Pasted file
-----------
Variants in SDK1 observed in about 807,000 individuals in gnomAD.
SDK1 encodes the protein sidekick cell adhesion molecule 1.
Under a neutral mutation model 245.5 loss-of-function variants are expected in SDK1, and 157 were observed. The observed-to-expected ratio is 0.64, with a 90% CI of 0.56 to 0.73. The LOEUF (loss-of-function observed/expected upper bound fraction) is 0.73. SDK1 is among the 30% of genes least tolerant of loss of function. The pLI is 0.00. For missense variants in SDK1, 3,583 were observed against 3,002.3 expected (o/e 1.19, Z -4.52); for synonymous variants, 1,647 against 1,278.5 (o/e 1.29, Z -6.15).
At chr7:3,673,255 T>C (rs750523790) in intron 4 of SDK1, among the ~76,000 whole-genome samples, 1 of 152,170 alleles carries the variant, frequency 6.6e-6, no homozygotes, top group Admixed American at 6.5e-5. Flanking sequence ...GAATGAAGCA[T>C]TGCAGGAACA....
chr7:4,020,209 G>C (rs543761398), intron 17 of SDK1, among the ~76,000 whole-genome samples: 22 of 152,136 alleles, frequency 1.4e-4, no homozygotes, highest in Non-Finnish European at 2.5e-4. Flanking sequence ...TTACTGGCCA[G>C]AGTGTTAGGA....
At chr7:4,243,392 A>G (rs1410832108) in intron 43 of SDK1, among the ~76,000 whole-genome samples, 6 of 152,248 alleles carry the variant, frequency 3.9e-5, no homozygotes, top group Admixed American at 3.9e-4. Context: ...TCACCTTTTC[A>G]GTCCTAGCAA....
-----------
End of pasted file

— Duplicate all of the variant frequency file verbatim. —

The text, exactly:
Variants in SDK1 observed in about 807,000 individuals in gnomAD.
SDK1 encodes the protein sidekick cell adhesion molecule 1.
Under a neutral mutation model 245.5 loss-of-function variants are expected in SDK1, and 157 were observed. The observed-to-expected ratio is 0.64, with a 90% CI of 0.56 to 0.73. The LOEUF (loss-of-function observed/expected upper bound fraction) is 0.73. SDK1 is among the 30% of genes least tolerant of loss of function. The pLI is 0.00. For missense variants in SDK1, 3,583 were observed against 3,002.3 expected (o/e 1.19, Z -4.52); for synonymous variants, 1,647 against 1,278.5 (o/e 1.29, Z -6.15).
At chr7:3,673,255 T>C (rs750523790) in intron 4 of SDK1, among the ~76,000 whole-genome samples, 1 of 152,170 alleles carries the variant, frequency 6.6e-6, no homozygotes, top group Admixed American at 6.5e-5. Flanking sequence ...GAATGAAGCA[T>C]TGCAGGAACA....
chr7:4,020,209 G>C (rs543761398), intron 17 of SDK1, among the ~76,000 whole-genome samples: 22 of 152,136 alleles, frequency 1.4e-4, no homozygotes, highest in Non-Finnish European at 2.5e-4. Flanking sequence ...TTACTGGCCA[G>C]AGTGTTAGGA....
At chr7:4,243,392 A>G (rs1410832108) in intron 43 of SDK1, among the ~76,000 whole-genome samples, 6 of 152,248 alleles carry the variant, frequency 3.9e-5, no homozygotes, top group Admixed American at 3.9e-4. Context: ...TCACCTTTTC[A>G]GTCCTAGCAA....